1713 Pierre Jélyotte a French operatic tenor, particularly associated with works by Rameau, Lully, Campra, Mondonville and Destouches.
1728 Paolo Frisi an Italian mathematician and astronomer.
1729 Thomas Percy (bishop of Dromore) Bishop of Dromore, County Down, Ireland. Before being made bishop, he was chaplain to George III. Percy's greatest contribution is considered to be his Reliques of Ancient English Poetry , the first of the great ballad collections, which was the one work most responsible for the ballad revival in English poetry that was a significant part of the Romantic movement
1732 Frederick North Lord North Prime Minister of Great Britain from 1770 to 1782. He led Great Britain through most of the American War of Independence. He also held a number of other cabinet posts, including Home Secretary and Chancellor of the Exchequer
1735 Isaac Low an American merchant in New York City.
1743 Thomas Jefferson an American Founding Father, the principal author of the Declaration of Independence , and the third President of the United States. He was a spokesman for democracy, and embraced the principles of republicanism and the rights of the individual with worldwide influence. At the beginning of the American Revolution, he served in the Continental Congress, representing Virginia, and then served as a wartime Governor of Virginia. In May 1785, he became the United States Minister to France and later the first United States Secretary of State serving under President George Washington. In opposition to Alexander Hamilton's Federalism, Jefferson and his close friend, James Madison, organized the Democratic-Republican Party, and later resigned from Washington's cabinet. Elected Vice President in 1796, Jefferson opposed Adams, and with Madison secretly wrote the Kentucky and Virginia Resolutions, which attempted to nullify the Alien and Sedition Acts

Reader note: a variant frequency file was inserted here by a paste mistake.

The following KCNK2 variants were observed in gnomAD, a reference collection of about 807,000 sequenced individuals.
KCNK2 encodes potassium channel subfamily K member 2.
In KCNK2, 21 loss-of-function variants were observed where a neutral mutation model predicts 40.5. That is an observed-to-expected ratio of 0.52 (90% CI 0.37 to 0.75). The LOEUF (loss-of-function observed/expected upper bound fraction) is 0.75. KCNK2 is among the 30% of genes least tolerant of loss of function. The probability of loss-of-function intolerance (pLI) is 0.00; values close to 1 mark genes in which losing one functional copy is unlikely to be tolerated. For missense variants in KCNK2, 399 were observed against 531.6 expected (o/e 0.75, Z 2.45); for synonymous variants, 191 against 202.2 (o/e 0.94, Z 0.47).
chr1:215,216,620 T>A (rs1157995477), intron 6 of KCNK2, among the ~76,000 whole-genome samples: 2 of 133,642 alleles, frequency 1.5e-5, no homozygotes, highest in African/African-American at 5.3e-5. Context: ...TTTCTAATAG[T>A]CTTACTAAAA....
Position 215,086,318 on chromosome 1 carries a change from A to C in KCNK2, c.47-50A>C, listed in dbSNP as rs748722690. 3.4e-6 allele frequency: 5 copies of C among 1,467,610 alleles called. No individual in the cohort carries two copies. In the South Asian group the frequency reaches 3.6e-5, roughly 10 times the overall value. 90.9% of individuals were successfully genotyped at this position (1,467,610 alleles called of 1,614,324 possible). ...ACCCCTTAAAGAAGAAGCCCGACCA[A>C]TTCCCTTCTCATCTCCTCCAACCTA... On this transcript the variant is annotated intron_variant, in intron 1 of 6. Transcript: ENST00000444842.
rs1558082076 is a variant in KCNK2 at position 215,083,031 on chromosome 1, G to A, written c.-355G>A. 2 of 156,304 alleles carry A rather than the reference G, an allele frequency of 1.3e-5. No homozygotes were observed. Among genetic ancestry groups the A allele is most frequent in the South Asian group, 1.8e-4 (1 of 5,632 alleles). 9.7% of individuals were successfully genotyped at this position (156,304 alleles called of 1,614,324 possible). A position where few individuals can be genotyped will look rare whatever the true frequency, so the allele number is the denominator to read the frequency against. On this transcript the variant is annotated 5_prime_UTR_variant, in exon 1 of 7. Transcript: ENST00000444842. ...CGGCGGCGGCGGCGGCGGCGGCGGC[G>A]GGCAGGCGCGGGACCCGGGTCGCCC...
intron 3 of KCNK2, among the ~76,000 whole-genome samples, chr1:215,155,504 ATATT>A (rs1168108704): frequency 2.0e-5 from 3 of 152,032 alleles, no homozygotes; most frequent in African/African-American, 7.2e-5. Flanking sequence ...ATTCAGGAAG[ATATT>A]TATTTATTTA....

1747 Armand Louis de Gontaut a French soldier and politician, known for the part he played in the American War of Independence and the French Revolutionary Wars.
1747 Gunning Bedford Jr. an American lawyer and politician from Wilmington, in New Castle County, Delaware. He served in the Delaware General Assembly, as a Continental Congressman from Delaware and as a delegate to the U.S. Constitutional Convention of 1787. He is often confused with his cousin, Gunning Bedford, an officer in the Continental Army during the American Revolution and Governor of Delaware
1747 Louis Philippe II Duke of Orléans a member of a cadet branch of the House of Bourbon, the ruling dynasty of France. He actively supported the French Revolution and adopted the name Philippe Égalité, but was nonetheless guillotined during the Reign of Terror. His son Louis-Philippe became King of the French after the July Revolution of 1830. Following his career, the term Orléanist came to be attached to the movement in France that favoured constitutional monarchy
1748 Joseph Bramah an inventor and locksmith. He is best known for having invented the hydraulic press. Along with William George Armstrong, he can be considered one of the two fathers of hydraulic engineering
1755 Honoré Joseph Antoine Ganteaume a French Navy officer and Vice-admiral.
1756 Louis Henri Prince of Condé the Prince of Condé from 1818 to his death. He was the brother-in-law of Philippe Égalité and nephew of Victoire de Rohan
1758 Johann von Klenau a field marshal in the Habsburg army. Klenau joined the Habsburg military as a teenager and fought in Austria's wars with the Ottoman Empire, the French Revolutionary Wars, and the Napoleonic Wars, in which he commanded a corps in several important battles
1759 Maximilian Hereditary Prince of Saxony German prince and a member of the House of Wettin.